• Health care is only available to current employees.
    • Employees are not charged for use of the facility.

    The agencies are also asking for comment on the treatment of clinics that provide certain services in addition to first aid:

    • Immunizations.
    • Allergy injections.
    • Provision of nonprescription pain relievers, such as aspirin.
    • Treatment of injuries caused by accidents at work, beyond first aid.

    In Closing

    With the release of this initial guidance, plan sponsors can gain some insight into the direction the government is likely to take in proposed regulations and can better address potential plan design strategie

    Proposed Changes for the Summary of Benefits and Coverage (SBC)

    January 16 - Posted at 6:35 PM Tagged: , , , , , , , , , , , , , , , ,

    On December 22, 2014, the Departments of Health and Human Services (HHS) issued proposed regulations for changes to the Summary of Benefits and Coverage (SBC).


    The proposed regulations clarify when and how a plan administrator or insurer must provide an SBC, shortens the SBC template, adds a third cost example, and revises the uniform glossary. The proposed regulations provide new information and also incorporate several FAQs that have been issued since the final SBC regulations were issued in 2012.


    These proposed changes are effective for plan years and open enrollment period beginning on or after September 1, 2015. Comments on the proposed regulations will be accepted until March 2,2015 and are encourages on many of the provisions.


    New Template


    The new SBC template eliminates a significant amount of information that the Departments characterized as not being required by law and/or as having been identified by consumer testing as less useful for choosing coverage.


    The sample completed SBC template for a standard group health plan has been reduced from four double-sided pages to two-and-a-half double-sided pages. Some of the other changes include:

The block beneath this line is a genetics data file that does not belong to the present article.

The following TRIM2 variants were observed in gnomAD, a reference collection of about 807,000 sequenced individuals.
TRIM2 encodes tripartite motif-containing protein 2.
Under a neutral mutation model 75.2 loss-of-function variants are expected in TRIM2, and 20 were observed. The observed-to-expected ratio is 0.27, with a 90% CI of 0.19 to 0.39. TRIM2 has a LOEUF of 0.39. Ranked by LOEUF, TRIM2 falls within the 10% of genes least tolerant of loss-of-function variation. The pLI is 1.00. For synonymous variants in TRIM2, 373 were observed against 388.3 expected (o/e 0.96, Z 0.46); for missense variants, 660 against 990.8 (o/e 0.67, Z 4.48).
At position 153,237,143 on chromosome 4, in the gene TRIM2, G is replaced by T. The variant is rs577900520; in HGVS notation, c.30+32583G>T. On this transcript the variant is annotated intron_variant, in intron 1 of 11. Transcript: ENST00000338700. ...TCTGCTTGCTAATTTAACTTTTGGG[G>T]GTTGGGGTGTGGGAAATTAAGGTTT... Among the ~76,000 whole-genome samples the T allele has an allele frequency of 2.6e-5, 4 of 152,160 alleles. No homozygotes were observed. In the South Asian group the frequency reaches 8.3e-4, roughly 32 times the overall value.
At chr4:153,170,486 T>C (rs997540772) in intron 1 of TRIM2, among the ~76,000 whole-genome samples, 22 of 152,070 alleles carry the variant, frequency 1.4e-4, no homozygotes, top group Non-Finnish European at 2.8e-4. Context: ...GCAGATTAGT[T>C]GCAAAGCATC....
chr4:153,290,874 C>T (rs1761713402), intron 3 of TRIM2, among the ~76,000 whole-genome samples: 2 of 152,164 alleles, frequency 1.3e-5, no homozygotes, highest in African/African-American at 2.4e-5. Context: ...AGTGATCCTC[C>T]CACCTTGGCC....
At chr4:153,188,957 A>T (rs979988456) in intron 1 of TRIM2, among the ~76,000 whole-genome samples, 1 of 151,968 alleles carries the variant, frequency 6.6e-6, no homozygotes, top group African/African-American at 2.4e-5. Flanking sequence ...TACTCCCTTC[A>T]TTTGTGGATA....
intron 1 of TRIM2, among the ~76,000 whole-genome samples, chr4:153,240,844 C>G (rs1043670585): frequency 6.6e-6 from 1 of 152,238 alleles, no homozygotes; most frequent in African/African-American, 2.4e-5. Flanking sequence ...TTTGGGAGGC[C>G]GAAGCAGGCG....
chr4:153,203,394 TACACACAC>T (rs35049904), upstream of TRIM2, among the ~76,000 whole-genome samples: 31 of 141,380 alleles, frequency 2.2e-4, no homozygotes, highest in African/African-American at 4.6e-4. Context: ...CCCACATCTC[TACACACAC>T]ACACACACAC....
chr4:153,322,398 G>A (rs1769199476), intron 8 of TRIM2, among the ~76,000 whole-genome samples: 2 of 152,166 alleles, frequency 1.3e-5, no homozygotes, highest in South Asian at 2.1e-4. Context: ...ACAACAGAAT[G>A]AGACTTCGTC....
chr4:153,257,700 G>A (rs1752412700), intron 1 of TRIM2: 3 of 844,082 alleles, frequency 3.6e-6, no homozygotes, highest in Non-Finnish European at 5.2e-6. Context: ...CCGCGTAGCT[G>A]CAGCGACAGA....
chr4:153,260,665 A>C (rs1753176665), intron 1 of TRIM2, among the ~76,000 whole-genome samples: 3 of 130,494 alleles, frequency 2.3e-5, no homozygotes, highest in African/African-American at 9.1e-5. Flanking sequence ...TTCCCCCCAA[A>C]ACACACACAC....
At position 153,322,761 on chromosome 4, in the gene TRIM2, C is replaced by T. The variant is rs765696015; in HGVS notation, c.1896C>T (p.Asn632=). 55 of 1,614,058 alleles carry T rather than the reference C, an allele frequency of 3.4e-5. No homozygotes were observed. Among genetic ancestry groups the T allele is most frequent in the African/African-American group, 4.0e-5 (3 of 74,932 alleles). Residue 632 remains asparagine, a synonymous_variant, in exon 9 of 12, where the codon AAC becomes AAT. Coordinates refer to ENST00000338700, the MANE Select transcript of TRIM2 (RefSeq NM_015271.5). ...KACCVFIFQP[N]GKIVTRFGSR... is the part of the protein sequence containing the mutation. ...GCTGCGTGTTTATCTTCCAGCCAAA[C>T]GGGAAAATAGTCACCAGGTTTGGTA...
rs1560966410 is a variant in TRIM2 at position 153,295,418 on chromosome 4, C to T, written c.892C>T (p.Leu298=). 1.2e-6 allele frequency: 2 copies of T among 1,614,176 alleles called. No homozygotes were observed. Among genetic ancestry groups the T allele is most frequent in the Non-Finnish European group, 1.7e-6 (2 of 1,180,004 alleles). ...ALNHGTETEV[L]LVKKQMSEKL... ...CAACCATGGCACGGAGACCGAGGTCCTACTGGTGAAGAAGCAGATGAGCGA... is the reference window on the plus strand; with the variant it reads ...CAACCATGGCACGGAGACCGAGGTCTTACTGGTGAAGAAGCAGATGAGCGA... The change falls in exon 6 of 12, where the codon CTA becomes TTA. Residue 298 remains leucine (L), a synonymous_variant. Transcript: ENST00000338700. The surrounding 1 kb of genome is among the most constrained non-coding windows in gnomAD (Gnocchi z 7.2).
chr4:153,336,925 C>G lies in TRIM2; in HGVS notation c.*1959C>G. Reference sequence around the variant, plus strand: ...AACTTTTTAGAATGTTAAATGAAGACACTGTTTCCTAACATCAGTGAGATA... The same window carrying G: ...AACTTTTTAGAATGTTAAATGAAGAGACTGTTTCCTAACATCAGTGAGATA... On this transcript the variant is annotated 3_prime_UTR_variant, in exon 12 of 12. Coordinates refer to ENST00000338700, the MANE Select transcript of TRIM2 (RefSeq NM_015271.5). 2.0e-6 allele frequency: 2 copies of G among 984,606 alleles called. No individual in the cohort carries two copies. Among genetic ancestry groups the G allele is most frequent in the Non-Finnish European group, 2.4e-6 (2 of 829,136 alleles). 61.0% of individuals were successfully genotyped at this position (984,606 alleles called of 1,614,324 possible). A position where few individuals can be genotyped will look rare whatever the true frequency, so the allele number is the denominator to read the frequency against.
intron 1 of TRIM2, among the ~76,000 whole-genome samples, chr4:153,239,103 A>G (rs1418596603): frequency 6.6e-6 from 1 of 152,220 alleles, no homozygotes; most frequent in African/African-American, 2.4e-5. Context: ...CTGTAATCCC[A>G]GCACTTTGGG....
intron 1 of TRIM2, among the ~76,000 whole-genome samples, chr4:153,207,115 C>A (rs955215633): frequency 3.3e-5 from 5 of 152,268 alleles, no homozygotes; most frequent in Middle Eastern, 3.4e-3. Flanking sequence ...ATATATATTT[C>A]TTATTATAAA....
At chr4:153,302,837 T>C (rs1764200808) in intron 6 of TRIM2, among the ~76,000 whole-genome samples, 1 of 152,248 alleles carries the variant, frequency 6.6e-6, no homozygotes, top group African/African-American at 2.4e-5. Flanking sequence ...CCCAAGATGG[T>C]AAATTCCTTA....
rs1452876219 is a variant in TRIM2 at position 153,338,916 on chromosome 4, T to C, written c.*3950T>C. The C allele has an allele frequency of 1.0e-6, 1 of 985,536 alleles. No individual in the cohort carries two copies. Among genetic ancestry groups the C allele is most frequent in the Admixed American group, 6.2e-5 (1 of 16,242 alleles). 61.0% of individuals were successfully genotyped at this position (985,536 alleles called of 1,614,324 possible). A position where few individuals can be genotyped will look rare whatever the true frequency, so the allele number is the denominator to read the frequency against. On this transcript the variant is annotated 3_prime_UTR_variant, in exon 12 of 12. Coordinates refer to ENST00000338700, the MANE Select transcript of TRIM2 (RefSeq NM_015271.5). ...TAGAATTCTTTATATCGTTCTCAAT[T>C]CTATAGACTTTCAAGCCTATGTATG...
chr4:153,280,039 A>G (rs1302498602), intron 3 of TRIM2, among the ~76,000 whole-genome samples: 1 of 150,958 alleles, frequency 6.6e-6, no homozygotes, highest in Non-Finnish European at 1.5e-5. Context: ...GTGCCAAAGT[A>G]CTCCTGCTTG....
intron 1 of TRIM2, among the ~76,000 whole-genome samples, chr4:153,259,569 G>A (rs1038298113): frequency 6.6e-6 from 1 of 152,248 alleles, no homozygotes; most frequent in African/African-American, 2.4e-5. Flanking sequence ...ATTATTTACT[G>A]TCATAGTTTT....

• An additional cost example for a simple foot fracture treated in an emergency room, which will be added to the two current examples. This new example is proposed as a health problem that any individual could experience, while the two current examples- having a baby and managing type 2 diabetes- affect only certain individuals.
    • The coverage example calculator will be authorized for continued use and updated claims and pricing data for the two existing exampled and the third example will be provided.
    • References to annual limits for essential health benefits (EHBs) and preexisting condition exclusions  will be removed.
    • Information regarding minimum essential coverage (MEC) and minimum value (MV) has been revised and must be included in the SBC. This effectively ends a temporary enforcement safe harbor that previously permitted statements about MEC and MV to be included in a cover letter rather than in the SBC.
    • Premium information may be included in an SBC, but it is not required.
    • All SBCs must include an issuer website where the individual policy or group certificate of coverage can be reviewed and obtained. Plan administrators are not required to include a website separate from the issuer website.
    • SBCs for individual policies will be required to disclose whether abortion services are covered or excluded and whether coverage is limited to services for which federal funding is allowed.


    Glossary Revisions

    Revisions to the uniform glossary have also been proposed. The glossary must be available to plan participants upon request. Some definitions have been changed and new medical terms such as claim, screening, referral and specialty drug have been added. Additional terms related to health care reform such as individual responsibility requirement, minimum value and cost-sharing reductions have also been added.


    Paper vs Electronic Distribution

    SBCs may continue to be provided electronically to group plan participants in connection with their online enrollment or online renewal of coverage. SBCs may also be provided electronically to participants who request an SBC online. These individuals must also have the option to receive a paper copy upon request.


    SBCs for self-insured non-federal government plans may continue to be provided electronically if the plan conforms to either the electronic distribution requirements that apply ERISA plan or the rules that apply to individual health insurance coverage.


    Types of Plans to Which SBCs Apply

    The regulations confirm that SBCs are not required for expatriate health plans, Medicare Advantage plans or plans that qualify as excepted benefits. Excepted benefits include:


    • Employee Assistance Plans (EAPs) that meet the requirements to be excepted benefits
    • Health Savings Account (HSAs) because they are not group health plans
    • Dental and vision coverage that meet the requirements to be excepted benefits


    SBCs are required for:

    • Health Reimbursement Arrangements (HRAs) because they are considered group health plans
    • Health Flexible Spending Accounts (FSAs) if they do not qualify as excepted benefits